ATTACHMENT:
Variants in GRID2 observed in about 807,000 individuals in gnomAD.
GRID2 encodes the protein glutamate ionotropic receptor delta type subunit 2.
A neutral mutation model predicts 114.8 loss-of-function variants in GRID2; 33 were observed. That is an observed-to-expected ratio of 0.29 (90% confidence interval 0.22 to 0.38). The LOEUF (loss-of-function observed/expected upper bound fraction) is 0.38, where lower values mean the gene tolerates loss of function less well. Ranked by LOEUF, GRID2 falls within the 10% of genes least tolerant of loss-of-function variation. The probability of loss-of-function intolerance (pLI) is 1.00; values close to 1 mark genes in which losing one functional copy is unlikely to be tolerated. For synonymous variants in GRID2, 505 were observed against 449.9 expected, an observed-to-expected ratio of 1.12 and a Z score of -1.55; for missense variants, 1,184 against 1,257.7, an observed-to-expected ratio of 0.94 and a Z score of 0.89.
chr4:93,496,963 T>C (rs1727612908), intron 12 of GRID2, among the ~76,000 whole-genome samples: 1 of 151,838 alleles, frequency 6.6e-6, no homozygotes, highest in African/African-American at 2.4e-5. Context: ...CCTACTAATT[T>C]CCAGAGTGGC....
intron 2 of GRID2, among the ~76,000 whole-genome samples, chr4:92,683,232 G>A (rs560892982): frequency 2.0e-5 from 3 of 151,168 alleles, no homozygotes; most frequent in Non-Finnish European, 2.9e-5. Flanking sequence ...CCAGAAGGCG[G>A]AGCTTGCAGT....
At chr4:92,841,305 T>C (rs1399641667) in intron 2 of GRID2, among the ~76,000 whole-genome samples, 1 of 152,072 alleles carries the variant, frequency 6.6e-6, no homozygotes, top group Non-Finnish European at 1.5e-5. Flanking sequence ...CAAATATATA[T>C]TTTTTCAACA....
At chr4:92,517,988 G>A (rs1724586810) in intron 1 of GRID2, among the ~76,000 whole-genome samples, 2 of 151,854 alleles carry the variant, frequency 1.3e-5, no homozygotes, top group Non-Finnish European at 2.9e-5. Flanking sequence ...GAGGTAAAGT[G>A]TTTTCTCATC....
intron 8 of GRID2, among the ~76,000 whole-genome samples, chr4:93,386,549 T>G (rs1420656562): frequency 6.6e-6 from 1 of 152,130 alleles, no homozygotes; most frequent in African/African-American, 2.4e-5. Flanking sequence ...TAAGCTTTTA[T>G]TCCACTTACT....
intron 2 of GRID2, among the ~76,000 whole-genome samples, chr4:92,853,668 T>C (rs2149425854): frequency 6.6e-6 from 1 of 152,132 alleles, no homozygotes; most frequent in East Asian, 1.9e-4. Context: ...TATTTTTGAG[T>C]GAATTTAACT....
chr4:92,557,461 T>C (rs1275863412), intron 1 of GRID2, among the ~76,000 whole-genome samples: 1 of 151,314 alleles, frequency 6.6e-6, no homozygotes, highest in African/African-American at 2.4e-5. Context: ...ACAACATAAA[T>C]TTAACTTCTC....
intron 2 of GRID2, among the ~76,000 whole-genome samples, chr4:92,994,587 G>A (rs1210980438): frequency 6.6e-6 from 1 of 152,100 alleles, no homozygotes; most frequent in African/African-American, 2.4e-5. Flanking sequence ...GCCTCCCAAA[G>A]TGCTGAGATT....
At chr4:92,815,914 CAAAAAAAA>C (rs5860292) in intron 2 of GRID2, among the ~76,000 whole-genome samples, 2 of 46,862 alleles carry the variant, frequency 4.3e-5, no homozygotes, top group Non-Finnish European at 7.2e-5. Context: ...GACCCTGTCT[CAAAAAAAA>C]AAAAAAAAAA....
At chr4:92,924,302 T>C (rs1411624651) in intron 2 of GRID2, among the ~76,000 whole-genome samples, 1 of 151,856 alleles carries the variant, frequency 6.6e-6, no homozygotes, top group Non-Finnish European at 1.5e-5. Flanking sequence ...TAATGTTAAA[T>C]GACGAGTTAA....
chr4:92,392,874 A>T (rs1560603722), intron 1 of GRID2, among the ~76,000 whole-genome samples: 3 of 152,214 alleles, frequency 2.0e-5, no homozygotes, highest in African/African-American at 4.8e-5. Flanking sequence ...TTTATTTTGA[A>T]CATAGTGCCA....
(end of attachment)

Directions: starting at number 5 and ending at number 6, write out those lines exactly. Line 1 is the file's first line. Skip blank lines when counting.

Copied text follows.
intron 2 of GRID2, among the ~76,000 whole-genome samples, chr4:92,683,232 G>A (rs560892982): frequency 2.0e-5 from 3 of 151,168 alleles, no homozygotes; most frequent in Non-Finnish European, 2.9e-5. Flanking sequence ...CCAGAAGGCG[G>A]AGCTTGCAGT....
At chr4:92,841,305 T>C (rs1399641667) in intron 2 of GRID2, among the ~76,000 whole-genome samples, 1 of 152,072 alleles carries the variant, frequency 6.6e-6, no homozygotes, top group Non-Finnish European at 1.5e-5. Flanking sequence ...CAAATATATA[T>C]TTTTTCAACA....